Ben-Hur (2016)

First to finish. Last to die.

Reality is that it’s often best to leave the classics alone. In this regard, the new Ben-Hur reimagining may finally be the wake-up call that Hollywood has needed. Termed as a ‘new interpretation’ of the 1880 novel Ben-Hur: A Tale of the Christ, written by Lew Wallace, the 2016 re-adaption was always going to be an uphill battle. Not only was the studio going head-to-head against William Wyler’s 1959 opus — which won 11 Oscars including Best Picture and Best Director — it’s also combating reboot fatigue, which finally seems to have kicked in. Following the silent versions in 1907 and 1925 and the 2003 animated feature of the same name, this marks the fifth time that Ben-Hur has appeared on-screen. Problem is, nobody these days gives a s&%t — old geezers have most likely seen the ’59 version countless times, while folks under 50 probably couldn’t give a rat’s ass, seeing as they’re more accustomed to the edgy sex and violence of say, Game of Thrones (2011).

If 'locks' could kill
If ‘locks’ could kill

Taking its cues from other sword-and-sandal epics such as 2000’s Gladiator along with Spartacus (1960) or The Ten Commandments (1956) — which was also remade in 2014 by Ridley Scott and titled Exodus: Gods and Kings — and directed by stylish action specialist Timur Bekmambetov, Wanted (2008), an odd choice given the material, the latest Ben-Hur adaptation crashes its chariot and totally loses the race. Jack Huston, Boardwalk Empire (2010), steps into Charlton Heston’s rather large shoes as Judah Ben-Hur, a Jewish prince growing up in a Roman-occupied Jerusalem around the time of Christ, his closest friend and confidant being his adopted brother Messala Severus (Toby Kebbell), the pair sharing a solid camaraderie whilst growing up, both having a passion for racing horses. As adults the men take altered paths, Messala leaving home to become a Roman soldier and Judah continuing to indulge in his lavish lifestyle.

As threats mount around Jerusalem, Judah seeks to protect his household from the social turmoil ensuing, the Roman Empire suppressing Jewish radicals in order to control the land. The fight comes into his home when Judah shelters a wounded teenage zealot (Moisés Arias), who (deviating from the popular storyline) ends up disrupting a visit from Pontius Pilate (Pilou Asbaek), bringing the wrath of Rome — and a hard-boiled Messala, returned to Jerusalem as part of its Roman garrison — down upon his family. With Judah being held accountable, he is condemned to the galleys where he spends five long years on a slave ship. After surviving a colossal wreck, he starts life anew as a protégé of a Nubian gambler named Sheik Ilderim (Morgan Freeman), wherein he decides to return to Jerusalem with revenge in his heart. There, the final confrontation takes place, Judah challenging his brother Messala to a grand chariot race around the city’s newly built ‘circus’ or hippodrome.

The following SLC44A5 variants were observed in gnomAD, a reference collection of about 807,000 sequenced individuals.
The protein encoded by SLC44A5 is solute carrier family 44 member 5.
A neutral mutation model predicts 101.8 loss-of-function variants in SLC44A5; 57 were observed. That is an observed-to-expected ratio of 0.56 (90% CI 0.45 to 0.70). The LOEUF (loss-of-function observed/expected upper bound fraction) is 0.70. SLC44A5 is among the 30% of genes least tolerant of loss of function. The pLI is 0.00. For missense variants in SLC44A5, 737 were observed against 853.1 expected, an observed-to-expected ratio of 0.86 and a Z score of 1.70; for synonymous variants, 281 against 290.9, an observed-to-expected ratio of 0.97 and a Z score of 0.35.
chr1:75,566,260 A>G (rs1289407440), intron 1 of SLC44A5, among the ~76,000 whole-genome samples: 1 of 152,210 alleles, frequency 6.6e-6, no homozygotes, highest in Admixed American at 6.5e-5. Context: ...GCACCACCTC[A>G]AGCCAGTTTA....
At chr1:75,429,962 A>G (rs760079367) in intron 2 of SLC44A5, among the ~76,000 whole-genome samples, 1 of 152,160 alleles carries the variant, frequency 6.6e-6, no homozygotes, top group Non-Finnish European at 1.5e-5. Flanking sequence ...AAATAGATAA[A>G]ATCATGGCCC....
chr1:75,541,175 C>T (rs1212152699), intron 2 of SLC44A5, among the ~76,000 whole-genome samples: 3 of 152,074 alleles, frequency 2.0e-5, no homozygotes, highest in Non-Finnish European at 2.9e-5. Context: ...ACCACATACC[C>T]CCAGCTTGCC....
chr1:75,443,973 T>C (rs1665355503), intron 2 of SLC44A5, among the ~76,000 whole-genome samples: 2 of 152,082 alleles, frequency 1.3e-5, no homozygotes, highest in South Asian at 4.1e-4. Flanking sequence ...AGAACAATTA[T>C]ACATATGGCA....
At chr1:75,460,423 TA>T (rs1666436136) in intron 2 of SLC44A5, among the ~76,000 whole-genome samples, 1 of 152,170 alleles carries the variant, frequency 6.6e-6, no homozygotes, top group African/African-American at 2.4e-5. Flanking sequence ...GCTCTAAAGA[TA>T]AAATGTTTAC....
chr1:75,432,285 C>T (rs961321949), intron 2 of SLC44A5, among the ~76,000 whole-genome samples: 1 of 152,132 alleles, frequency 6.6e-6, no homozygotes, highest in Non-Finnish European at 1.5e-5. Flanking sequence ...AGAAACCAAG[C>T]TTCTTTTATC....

Chariots of Fire
Chariots of Fire

As one would expect, Ben-Hur is at its strongest when filmmaker Bekmambetov is staging the action (even if it feels like the film was made on the cheap), with an impressive naval battle, seen only from the viewpoint of Judah and his fellow inmates, standing as the flick’s biggest virtue. The notorious chariot race (which was photographed in Rome’s Cinecitta studios, where Wyler shot his ’59 rendition) is pretty decent, too, Timur delivering a bloodthirsty spectacle of shattered carts and flattened participants — it’s just a shame that the thrilling set-piece takes so long to arrive. The rest of the movie is widely uneven, playing out like a few different films in one. You have your classic friends-(or brothers)-turned-rivals thread with Bekmambetov rushing the story in order to make way for its prominent beats (Wyler’s masterpiece ran for almost four hours, this one little over two), resulting in a narrative that lacks depth — we’re given little to no insight into Judah’s headspace.